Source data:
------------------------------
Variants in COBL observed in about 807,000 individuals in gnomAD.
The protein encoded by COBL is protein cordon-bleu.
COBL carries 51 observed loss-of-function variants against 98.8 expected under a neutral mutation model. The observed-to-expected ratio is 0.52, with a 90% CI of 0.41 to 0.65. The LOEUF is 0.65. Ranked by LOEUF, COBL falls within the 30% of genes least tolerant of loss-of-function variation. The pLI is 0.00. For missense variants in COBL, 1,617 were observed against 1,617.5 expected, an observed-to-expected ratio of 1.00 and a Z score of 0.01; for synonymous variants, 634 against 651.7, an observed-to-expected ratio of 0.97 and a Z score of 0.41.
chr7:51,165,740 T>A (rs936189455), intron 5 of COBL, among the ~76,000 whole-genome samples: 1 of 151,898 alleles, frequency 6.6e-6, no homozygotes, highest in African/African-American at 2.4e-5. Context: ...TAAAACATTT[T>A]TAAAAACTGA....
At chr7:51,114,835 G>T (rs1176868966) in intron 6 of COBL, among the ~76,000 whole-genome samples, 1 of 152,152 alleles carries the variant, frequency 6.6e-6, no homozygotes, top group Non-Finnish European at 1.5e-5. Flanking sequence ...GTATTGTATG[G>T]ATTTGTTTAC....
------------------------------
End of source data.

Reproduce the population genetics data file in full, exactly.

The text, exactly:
Variants in COBL observed in about 807,000 individuals in gnomAD.
The protein encoded by COBL is protein cordon-bleu.
COBL carries 51 observed loss-of-function variants against 98.8 expected under a neutral mutation model. The observed-to-expected ratio is 0.52, with a 90% CI of 0.41 to 0.65. The LOEUF is 0.65. Ranked by LOEUF, COBL falls within the 30% of genes least tolerant of loss-of-function variation. The pLI is 0.00. For missense variants in COBL, 1,617 were observed against 1,617.5 expected, an observed-to-expected ratio of 1.00 and a Z score of 0.01; for synonymous variants, 634 against 651.7, an observed-to-expected ratio of 0.97 and a Z score of 0.41.
chr7:51,165,740 T>A (rs936189455), intron 5 of COBL, among the ~76,000 whole-genome samples: 1 of 151,898 alleles, frequency 6.6e-6, no homozygotes, highest in African/African-American at 2.4e-5. Context: ...TAAAACATTT[T>A]TAAAAACTGA....
At chr7:51,114,835 G>T (rs1176868966) in intron 6 of COBL, among the ~76,000 whole-genome samples, 1 of 152,152 alleles carries the variant, frequency 6.6e-6, no homozygotes, top group Non-Finnish European at 1.5e-5. Flanking sequence ...GTATTGTATG[G>T]ATTTGTTTAC....